Beyond Yes And: Information that Matters (part 3)

In part two of the Beyond Yes And series, I talked about players digging the same hole in the beach–adding information that is moving the scene in the same direction.

Let's revisit our example and try to stumble in the same direction:

Janet: My cousin Ralph is sick.
Frank: Yes, and I will take his shift.
Janet: Yes, and we could never forgive ourselves if you died tonight.
Frank: Yes, and Ralph's illness is his fault, but I'm to blame for swearing to protect you.
Janet: Yes, and what a foolish oath given what's out there [she looks].

Now we're getting somewhere! Here is a scene where I don't feel like it is work from line to line (again, hard to tell on paper but work with me). Five lines in and we feel like we get what sort of scene this is, what could be fun about it, what sort of role Frank and Janet have to play.

So what is different?

  • Contrast the scene in part one:
    • Most of this scenelet is "about" Ralph on the surface, but rather than re-iterating the "Ralph is sick" information each line adds new information. For example, Frank's first line tells us that Frank and Ralph work/have shifts together and Ralph's sickness seems an imposition to Frank. That's a ton of information from 5 words (and their delivery) compared to the no real info we got from "he is vomiting on my shoe."
    • That information makes it less about Ralph at all, and more about Frank, Janet and their situation. While there is no heavy exposition, we get a real sense for who all 3 of these characters are and what this universe is we are creating from these 5 information-packed lines.
  • Contrast the scene in part two:
    • Both players are digging the same hole, though notice that it takes form and shape as the lines progress. This is good. This is collaborative scenework.
    • The first line is about poor cousin Ralph. By the second line we see Ralph's impact. By the third we see the impact is truly Frank's sacrifice. And so forth.

I cheated a bit here by skipping what could be a 3rd step. The information I am adding in this 3rd scene is also some emotionally charged information. That is what I call the information that matters. The information that matters to the two human beings in the scene. The reason I skipped it is that I believe the first two tend to lead to the third. Especially when we get to this part:


At first, this seems like a lot of new rules to replace or (WORSE) pile onto existing rules. I urge you not to do that. From my POV, you don't need rules. I am breaking this all down so you see why it works not how to do it.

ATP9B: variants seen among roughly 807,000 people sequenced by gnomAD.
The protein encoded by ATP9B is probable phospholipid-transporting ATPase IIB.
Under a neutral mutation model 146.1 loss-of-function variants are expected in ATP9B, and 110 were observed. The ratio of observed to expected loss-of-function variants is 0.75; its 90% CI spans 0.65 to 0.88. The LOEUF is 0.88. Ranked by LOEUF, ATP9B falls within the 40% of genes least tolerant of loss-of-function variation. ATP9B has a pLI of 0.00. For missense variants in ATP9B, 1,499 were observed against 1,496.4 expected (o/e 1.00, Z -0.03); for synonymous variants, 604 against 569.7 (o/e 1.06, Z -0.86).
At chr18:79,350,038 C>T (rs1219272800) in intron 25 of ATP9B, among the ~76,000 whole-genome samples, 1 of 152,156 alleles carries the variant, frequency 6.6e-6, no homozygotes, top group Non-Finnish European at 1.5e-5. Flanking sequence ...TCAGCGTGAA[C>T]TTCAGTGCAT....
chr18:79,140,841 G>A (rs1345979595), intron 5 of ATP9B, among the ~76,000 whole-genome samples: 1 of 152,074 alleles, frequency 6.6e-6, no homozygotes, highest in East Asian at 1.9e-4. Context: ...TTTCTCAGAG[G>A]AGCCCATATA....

The long answer: I believe that many improvisers upon hearing a line will make a lot of assumptions. For some it is visual, for some it is more logical, but they get made. Take for example, "My cousin Ralph is sick." When you hear that, what pops into your head? Where are we? Is Ralph in the room? Is Janet upset about this news? Glad? Take all those assumptions that are already in your head, and make your next line packed with some information from them.

When I was writing this example, in my mind the sickness had dire consequences. Maybe for you, Ralph is skipping school or we're all dogs or something. 

To sum up: yes add information. No you don't need to invent it. Just say what's already in your head. I know this is not as easy as I make it sound.

The shorter answer: YETI. YETI will focus you on emotional content, on relationship truths, and on adding information right at the top of your scenes. 

It is better to take many small steps in the right direction than to make a great leap forward only to stumble backward. -Buddhist proverb

Beyond Yes And: Stumbling in the Right Direction (part 2)

In part one of the Beyond Yes And series, I talked about what it means to add information (instead of details) in every line. But is all information even useful? 

Let's revisit our example and try to add information in every line:

Janet: My cousin Ralph is sick.
Frank: Yes, and he is vomiting on my brand new shoe.
Janet: Yes, and those are expensive looking loafers.
Frank: Yes, and can you believe they were hand-me-downs from my grandpap!
Janet: Yes, and they just don't make shoes like they used to...

In this revised scene, we do a bit better job of adding new information in each scene. Instead of finding different ways to say "Ralph is sick," we are saying new things.